L.A. to Laguna

By The Motorcyclist Staff, Photography by Todd Westover, Joe Bonello

Triumph Sprint ST
The insult comic sport-tourer
Words: Brian Catterson

Ever been to Salinas? It's a nice place ... for me to poop on!

Sorry, but whenever I hear the name Triumph nowadays, I can't help but think of the insult comic dog from Late Night with Conan O'Brien. Ever since the trash-talking, cigar-chomping mutt told J. Lo her butt was "like Mount Everest for dogs," he's made me, uh, howl.

I got a hoot out of riding this latest version of the Triumph Sprint ST, too. Apologies to my two high-rolling companions, Charles Everitt Winchester III and Tim Car-rithers, but I don't care how much money you spend, there's no better platform for sport-touring than a sport-tourer. And when your destination is the USGP at Laguna Seca, and your tour guide Photo Joe Bonerello on the Notorious CGC (Cagiva Gran Canyon), the sportier the better.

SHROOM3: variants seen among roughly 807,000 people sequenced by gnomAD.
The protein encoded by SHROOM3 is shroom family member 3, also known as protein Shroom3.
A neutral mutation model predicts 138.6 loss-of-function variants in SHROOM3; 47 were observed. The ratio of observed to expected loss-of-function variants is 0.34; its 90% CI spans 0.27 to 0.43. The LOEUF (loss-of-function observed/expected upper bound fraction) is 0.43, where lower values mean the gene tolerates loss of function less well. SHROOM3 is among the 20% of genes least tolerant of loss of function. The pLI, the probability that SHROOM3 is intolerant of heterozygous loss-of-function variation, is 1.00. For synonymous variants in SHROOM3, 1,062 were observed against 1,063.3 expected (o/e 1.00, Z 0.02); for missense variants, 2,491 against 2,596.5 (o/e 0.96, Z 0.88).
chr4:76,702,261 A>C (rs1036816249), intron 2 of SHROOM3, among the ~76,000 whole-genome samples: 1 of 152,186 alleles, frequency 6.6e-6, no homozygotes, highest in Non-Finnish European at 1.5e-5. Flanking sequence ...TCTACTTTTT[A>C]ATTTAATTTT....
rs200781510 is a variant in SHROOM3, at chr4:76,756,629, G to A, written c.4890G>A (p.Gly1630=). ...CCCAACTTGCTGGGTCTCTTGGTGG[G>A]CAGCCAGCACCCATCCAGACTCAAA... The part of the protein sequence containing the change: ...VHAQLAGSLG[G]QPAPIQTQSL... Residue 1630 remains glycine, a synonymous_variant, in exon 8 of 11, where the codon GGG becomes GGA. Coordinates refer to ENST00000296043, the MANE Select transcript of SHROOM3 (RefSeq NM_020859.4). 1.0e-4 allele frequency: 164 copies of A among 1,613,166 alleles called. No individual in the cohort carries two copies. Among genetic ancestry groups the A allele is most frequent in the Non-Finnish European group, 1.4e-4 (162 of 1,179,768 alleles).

For 2005, Triumph--the manufacturer, not the dog--redesigned the Sprint from top to bottom, giving it an all-new twin-spar aluminum frame and the same fuel-injected, 1050cc inline-triple as the nasty-boy Speed Triple. Compared with the previous 955cc version, it's got significantly more poop, if you'll pardon my pinscher.